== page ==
I decide I will never ever risk sharing my pain again – physical or emotional – because I need to be a real man and make my daddy proud.-Stephen GrinsteadI’m down at the bottom of this high rock face (high for a five year old), crying and holding onto my sprained ankle. Dad rushes over and at first I’m relieved as he checks my ankle, but his next words stun, shame and paralyze me, “You’re not hurt that bad so quit crying or I’ll give you something to cry about.” His next comment solidifies my decision about vulnerability, “In this world you have to be tough Stevie – real men don’t cry.”
I decide I will never ever risk sharing my pain again – physical or emotional – because I need to be a real man and make my daddy proud. I start to build my first suit of armor and begin hiding who I am, what I feel and what I need. I reinforce it over the next twenty five years – a hardened leather body suit that I mistakenly believe is protecting me, but I don’t see the barrier building between me and other people.
I wonder how many men (or women) can identify with this type of scenario and the decision I made. Situations, words, people, and actions may be different, but the majority of men in our society receive similar messages from the day they are born about the need to be tough and self-resilient. Self-defeating decisions are often made as a result of interpretations about a perceived hostile environment.
Let me be really clear here – often these early defenses help us survive very toxic situations. I would never suggest that anyone drop their armor without having something in place that will serve them in a healthier way, such as Spiritual Values, Principles and Practices.
Sometimes We Add a Chemical Assist to Armor Building
I have worked with thousands of people since starting my personal journey in January of 1981. Most of the people I worked with used alcohol or other drugs – including prescription medications – to reinforce their protective armor. This was certainly my experience when at age twelve I’m knocked down playing sandlot football – I hit my back on a concrete post and it hurts like hell. I’m rushed to the emergency room and injected with pain medication that stops the pain and I’m sent home with a prescription. I didn’t know it at the time, but those pills would become the next layer to strengthen my already sturdy suit of armor.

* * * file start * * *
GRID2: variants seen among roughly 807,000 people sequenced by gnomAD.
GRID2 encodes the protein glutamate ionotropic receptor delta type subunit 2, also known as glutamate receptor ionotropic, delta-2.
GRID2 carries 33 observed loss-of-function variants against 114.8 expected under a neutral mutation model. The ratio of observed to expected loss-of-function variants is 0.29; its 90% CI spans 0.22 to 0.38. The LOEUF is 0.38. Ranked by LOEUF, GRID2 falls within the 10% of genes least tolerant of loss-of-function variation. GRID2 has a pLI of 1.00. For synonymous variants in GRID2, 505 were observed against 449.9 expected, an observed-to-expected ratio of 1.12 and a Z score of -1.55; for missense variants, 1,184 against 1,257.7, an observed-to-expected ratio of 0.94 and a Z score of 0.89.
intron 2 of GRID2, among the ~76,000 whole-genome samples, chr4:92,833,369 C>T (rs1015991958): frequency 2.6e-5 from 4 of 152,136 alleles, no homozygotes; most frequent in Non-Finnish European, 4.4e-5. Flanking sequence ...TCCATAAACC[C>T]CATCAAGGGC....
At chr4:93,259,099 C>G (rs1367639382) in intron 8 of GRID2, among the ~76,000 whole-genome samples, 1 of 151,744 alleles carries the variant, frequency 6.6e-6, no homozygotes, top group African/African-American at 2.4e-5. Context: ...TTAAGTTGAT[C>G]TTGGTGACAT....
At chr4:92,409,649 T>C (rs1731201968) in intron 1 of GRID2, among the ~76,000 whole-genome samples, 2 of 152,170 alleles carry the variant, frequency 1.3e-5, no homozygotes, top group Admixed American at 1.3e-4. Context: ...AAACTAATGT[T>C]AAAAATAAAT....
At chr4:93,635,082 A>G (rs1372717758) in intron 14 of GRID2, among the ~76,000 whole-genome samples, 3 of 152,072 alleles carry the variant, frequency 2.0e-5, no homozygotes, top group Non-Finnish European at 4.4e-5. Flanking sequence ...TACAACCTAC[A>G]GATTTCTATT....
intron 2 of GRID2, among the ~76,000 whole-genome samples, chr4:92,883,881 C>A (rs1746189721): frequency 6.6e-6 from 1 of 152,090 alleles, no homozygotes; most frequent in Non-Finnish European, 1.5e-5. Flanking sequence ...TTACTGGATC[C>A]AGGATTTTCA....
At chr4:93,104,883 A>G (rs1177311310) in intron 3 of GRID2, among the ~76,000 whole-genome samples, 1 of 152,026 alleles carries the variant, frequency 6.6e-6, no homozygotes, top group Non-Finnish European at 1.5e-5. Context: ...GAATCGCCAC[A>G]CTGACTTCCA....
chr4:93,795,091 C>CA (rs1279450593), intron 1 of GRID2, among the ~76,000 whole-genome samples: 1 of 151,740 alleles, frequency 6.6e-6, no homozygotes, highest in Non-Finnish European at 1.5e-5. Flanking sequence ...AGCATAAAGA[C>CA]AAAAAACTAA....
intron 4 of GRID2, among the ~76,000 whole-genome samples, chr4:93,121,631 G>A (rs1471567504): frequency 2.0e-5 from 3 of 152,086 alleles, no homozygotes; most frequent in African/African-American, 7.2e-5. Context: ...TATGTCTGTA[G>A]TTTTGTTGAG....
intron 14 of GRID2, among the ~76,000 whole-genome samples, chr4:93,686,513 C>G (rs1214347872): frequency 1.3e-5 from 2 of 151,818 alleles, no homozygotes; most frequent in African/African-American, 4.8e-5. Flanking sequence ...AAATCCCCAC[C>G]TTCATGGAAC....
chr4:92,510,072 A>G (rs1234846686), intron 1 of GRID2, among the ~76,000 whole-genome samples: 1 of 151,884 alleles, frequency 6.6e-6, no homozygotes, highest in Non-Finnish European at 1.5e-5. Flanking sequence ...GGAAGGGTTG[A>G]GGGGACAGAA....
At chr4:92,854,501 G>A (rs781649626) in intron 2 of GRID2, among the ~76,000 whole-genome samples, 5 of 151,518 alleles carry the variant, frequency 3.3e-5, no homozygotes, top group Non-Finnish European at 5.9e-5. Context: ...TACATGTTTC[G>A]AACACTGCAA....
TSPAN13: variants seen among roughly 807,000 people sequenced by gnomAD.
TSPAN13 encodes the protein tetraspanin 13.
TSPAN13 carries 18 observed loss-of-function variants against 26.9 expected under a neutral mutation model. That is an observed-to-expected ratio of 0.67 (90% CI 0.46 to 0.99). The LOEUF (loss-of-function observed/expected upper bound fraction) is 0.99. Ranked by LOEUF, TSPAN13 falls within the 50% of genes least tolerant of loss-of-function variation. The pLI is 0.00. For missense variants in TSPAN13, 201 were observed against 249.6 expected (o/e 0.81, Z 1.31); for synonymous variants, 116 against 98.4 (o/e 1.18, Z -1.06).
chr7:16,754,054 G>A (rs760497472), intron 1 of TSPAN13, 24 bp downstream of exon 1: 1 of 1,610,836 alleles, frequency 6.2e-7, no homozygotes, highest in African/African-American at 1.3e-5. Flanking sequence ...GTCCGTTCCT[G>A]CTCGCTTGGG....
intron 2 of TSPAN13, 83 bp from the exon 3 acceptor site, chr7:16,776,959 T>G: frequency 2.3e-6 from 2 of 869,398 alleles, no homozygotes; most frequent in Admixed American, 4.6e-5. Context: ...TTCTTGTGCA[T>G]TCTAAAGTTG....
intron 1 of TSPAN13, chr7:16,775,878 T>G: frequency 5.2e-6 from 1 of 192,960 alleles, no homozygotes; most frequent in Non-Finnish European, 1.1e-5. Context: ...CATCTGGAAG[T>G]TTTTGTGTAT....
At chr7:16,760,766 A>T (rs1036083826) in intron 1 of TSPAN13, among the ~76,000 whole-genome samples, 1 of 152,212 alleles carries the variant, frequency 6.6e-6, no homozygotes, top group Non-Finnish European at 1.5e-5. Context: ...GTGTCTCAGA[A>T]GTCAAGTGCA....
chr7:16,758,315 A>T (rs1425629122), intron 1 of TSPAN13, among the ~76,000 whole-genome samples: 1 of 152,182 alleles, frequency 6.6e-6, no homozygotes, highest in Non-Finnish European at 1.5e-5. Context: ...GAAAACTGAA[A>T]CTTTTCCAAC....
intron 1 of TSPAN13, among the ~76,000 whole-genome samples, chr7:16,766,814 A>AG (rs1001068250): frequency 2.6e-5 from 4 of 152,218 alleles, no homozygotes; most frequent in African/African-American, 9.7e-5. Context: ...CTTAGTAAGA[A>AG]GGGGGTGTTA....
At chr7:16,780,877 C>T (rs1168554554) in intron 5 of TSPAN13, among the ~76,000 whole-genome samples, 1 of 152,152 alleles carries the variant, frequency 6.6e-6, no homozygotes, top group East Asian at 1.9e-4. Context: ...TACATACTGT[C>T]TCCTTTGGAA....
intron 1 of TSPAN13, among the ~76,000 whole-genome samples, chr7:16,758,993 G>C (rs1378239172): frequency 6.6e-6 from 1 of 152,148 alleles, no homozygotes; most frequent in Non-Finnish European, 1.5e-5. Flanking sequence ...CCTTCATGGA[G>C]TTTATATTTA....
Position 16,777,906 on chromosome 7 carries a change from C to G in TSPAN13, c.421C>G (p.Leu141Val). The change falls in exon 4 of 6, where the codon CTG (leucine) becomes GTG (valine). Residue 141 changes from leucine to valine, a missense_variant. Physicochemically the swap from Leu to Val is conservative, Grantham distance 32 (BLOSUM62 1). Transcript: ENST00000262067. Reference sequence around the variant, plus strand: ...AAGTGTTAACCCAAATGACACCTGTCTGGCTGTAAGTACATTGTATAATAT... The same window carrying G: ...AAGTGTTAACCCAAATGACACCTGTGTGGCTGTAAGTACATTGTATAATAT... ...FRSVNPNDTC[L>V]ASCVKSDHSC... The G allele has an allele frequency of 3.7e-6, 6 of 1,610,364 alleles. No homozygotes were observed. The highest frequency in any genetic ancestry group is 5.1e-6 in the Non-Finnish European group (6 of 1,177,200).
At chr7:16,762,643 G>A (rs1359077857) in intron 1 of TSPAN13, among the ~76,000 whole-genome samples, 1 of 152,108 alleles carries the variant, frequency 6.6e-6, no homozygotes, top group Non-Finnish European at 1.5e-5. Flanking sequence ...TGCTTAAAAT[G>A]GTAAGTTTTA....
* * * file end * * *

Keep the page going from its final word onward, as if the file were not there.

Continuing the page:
Not only did the pain pills stop the physical pain, they also eased my emotional distress. That, along with the addition of alcohol, added more layers to my developing armor. It’s so strong now, like a Kevlar suit of armor and nothing can get in, but what I don’t realize is that I can’t get out either.
Finally, This Is It, Becoming A Real Man! – Or So I Believed
Many men search outside of themselves for whatever will help them to feel like a “real man.” For some of us, it’s becoming physically active and excelling in sports. For others, it’s becoming the “tough guy” and getting into a lot of fights to prove our manhood. For others, it’s living in a fantasy world of our own creation reinforced by what we read, see on TV, at the movies or in the media.
I engage in sports, but get injured a lot and end up getting more pain pills – which I promptly mix with alcohol. I also start running with a tough crowd, getting into fights and other trouble.-Stephen GrinsteadI constantly refine my suit of armor during my adolescent years, as more pain and trauma play out in my life. I don’t fit in well with the guys – except the ones I drink with. I’m very shy around girls and am constantly put down. I engage in sports, but get injured a lot and end up getting more pain pills – which I promptly mix with alcohol. I also start running with a tough crowd, getting into fights and other trouble.
I graduate high school but told I’m not college material, so don’t even bother to apply. Instead, at eighteen, I decide to be a real man and make dad proud by becoming an electrician, just like him. I continue to strengthen my Kevlar Suit of Armor with pain pills and alcohol. I perfect my verbal offensive weapons, reinforced with anger and violence.
Some men join the military to feel like real men – I chose this as well and join the United States Marine Corps at nineteen– the ultimate real man scenario. I learn how to be a powerful macho man in the Corp. I learn that pain is just weakness leaving the body. I learn how to step back from my fear and not let it control me.
My armor is a bulletproof Kevlar suit from head to toe, reinforcing my sense of invulnerability. I take it to the next level and learn a very violent style of Combat Karate with the theme of Kill! Cripple! Maim! And Survive! I develop some extreme offensive weapons and now live in a Titanium Suit of Armor. I could really hurt people with ease and feel even more powerful.
For some men, finding that perfect relationship where we can play out the hero fantasy and take care of “damsels in distress” is what it means to be a real man. I’m nineteen years old on leave from the Marine Corps and jump into an extremely dysfunctional relationship with a very wounded and needy woman. I ignore all the warning signs that this is not a good idea, but I want to be a real man, so I marry her and rescue her from her dysfunctional family.
I know that, for many men, this is an all too familiar story.
Part Two: Next week, in part two of Spiritual Warrior: A Life Without Armor, you’ll discover there is a time to shed our armor and learn how we can thrive in the world without its “protection.”
Image Courtesy of Unsplash/Jeremy Thomas